Peoples Digest Online – The future king of England warned that wildlife is under threat from the increasing population growth in a passionate speech on Thursday.
He was speaking at the Tusk gala dinner in London last night and warned that Africa’s growing population was set to more than double by 2050 and voiced his concerns about the impact on wildlife and natural resources.
He said: “In my lifetime, we have seen global wildlife populations decline by over half. “We are going to have to work much harder and think much deeper, if we are to ensure that human beings and the other species of animal with which we share this planet can continue to co-exist.
“Africa’s rapidly growing human population is predicted to more than double by 2050, a staggering increase of three and a half million people per month. “There is no question that this increase puts wildlife and habitat under enormous pressure. Urbanisation, infrastructure development, cultivation—all good things in themselves, but they will have a terrible impact unless we begin to plan and to take measures now.”
The Duke of Cambridge is set to become father of a third child with wife Kate in April 2018.
Before the joyful news was announced, San Franciso organisation Having Kids, which promotes smaller families, told the royal couple to “lead by example” and stop after two children for environmental reasons.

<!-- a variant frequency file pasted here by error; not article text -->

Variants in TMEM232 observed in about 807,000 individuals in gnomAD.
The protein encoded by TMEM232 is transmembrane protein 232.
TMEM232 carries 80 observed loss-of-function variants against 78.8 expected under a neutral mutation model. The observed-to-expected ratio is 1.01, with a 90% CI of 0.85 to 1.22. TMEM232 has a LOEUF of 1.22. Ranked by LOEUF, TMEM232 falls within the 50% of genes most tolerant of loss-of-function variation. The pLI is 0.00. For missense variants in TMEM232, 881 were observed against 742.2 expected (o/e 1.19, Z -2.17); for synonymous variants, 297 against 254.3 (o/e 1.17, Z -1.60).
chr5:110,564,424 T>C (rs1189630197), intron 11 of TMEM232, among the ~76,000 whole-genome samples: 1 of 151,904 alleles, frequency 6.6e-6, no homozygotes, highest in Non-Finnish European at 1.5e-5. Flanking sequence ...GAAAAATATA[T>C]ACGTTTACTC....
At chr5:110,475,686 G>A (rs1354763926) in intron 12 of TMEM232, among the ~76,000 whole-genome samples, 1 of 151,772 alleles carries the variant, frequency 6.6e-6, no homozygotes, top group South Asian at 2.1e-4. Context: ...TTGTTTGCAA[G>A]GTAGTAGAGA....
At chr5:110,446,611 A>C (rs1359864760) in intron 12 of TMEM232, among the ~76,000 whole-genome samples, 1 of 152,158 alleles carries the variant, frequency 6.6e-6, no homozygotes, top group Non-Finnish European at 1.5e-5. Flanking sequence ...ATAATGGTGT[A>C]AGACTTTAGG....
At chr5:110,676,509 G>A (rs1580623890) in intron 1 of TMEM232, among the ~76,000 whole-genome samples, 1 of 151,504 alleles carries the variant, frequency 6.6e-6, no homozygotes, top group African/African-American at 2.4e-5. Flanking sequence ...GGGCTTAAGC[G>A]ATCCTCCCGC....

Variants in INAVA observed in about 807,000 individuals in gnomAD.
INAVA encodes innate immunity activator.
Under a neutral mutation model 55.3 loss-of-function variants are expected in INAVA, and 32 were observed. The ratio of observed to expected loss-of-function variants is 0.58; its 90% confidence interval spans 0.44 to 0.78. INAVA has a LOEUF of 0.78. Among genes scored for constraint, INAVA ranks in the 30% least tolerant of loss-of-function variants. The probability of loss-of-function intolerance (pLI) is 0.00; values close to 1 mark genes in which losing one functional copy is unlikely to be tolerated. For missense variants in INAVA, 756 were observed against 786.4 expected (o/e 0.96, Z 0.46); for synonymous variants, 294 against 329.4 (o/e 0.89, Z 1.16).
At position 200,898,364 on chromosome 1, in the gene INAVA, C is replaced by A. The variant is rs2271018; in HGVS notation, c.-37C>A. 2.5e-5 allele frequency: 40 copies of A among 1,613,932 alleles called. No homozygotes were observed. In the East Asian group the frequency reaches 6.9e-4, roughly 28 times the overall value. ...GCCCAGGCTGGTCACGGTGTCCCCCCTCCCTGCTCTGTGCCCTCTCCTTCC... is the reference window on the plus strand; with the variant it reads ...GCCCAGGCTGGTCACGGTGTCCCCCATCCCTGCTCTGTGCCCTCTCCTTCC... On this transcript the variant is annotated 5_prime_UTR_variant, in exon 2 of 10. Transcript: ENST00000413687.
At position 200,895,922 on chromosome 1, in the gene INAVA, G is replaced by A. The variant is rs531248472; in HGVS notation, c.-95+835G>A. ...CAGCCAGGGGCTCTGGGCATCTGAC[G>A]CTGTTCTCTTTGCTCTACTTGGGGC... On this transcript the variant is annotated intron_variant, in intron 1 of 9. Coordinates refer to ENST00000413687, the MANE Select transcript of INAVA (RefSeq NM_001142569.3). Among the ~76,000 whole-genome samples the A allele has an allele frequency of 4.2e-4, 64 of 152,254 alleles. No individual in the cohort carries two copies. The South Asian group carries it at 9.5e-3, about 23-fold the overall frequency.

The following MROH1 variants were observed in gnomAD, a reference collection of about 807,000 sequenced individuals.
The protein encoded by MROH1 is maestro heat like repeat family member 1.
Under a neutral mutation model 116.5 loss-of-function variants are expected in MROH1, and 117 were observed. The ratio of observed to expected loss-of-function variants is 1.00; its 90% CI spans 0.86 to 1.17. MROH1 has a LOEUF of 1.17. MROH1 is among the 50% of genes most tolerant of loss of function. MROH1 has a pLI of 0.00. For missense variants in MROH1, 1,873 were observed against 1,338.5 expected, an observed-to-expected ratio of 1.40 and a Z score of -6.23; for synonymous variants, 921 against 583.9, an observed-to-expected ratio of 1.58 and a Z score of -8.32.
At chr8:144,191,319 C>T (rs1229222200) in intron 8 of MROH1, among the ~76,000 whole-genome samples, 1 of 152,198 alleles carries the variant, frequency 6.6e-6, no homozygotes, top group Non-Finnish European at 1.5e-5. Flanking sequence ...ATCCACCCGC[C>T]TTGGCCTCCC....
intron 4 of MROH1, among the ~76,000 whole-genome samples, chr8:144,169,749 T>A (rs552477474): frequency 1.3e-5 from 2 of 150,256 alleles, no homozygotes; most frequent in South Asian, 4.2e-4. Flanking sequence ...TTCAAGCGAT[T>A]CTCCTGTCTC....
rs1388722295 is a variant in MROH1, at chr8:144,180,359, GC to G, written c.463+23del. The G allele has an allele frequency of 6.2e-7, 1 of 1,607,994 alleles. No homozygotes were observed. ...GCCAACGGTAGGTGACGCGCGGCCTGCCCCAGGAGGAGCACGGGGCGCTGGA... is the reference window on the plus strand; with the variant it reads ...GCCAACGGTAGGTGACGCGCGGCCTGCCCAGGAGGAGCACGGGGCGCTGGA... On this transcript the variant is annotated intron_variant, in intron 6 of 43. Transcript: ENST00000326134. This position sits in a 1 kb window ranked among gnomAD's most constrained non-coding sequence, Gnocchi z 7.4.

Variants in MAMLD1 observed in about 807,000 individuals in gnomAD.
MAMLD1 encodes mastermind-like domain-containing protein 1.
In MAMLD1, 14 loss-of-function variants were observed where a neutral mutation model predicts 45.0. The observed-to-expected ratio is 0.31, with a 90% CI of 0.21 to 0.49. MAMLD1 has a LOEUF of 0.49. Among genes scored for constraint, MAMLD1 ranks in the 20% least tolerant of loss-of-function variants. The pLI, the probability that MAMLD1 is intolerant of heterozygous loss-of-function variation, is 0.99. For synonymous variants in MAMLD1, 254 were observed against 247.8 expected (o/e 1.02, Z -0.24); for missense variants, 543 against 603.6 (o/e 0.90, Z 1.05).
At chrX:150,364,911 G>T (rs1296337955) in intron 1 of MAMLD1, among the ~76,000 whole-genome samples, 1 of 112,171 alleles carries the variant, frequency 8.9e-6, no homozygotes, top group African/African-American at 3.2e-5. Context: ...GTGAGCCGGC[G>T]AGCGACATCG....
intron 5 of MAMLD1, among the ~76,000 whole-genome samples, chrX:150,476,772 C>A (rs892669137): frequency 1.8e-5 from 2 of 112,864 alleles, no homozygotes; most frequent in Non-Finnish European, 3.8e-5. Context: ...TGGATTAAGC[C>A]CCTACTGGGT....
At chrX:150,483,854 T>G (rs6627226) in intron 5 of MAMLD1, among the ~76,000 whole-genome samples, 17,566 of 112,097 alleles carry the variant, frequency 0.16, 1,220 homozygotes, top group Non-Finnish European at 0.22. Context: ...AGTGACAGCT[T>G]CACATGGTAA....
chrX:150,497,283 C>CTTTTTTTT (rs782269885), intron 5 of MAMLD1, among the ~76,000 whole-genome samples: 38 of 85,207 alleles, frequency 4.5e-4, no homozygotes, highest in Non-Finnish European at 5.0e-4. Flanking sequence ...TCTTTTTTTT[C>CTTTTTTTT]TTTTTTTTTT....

They wrote an open letter in July and urged them to “consider forgoing having a third child […] in favour of modelling a smaller, sustainable family”.
They spoke out after Kate had joked about having more children during the royal tour of Poland.
Having Kids executive director Anne Green said: “William and Kate have a tremendous opportunity to model their choice of having a smaller family.
“By doing so, they set an example as to what has the most potential for mitigating climate change and its impacts, including severe flooding, deadlier heatwaves, increase in diseases, and wildlife extinctions.”
Prince Charles has also spoken out about his concerns over population growth in the past.
In a 2010 speech at the Oxford Centre for Islamic Studies he cautioned that the world does not have the capacity to “sustain us all”.
He said: “It would certainly help if the acceleration slowed down, but it would also help if the world reduced its desire to consume.”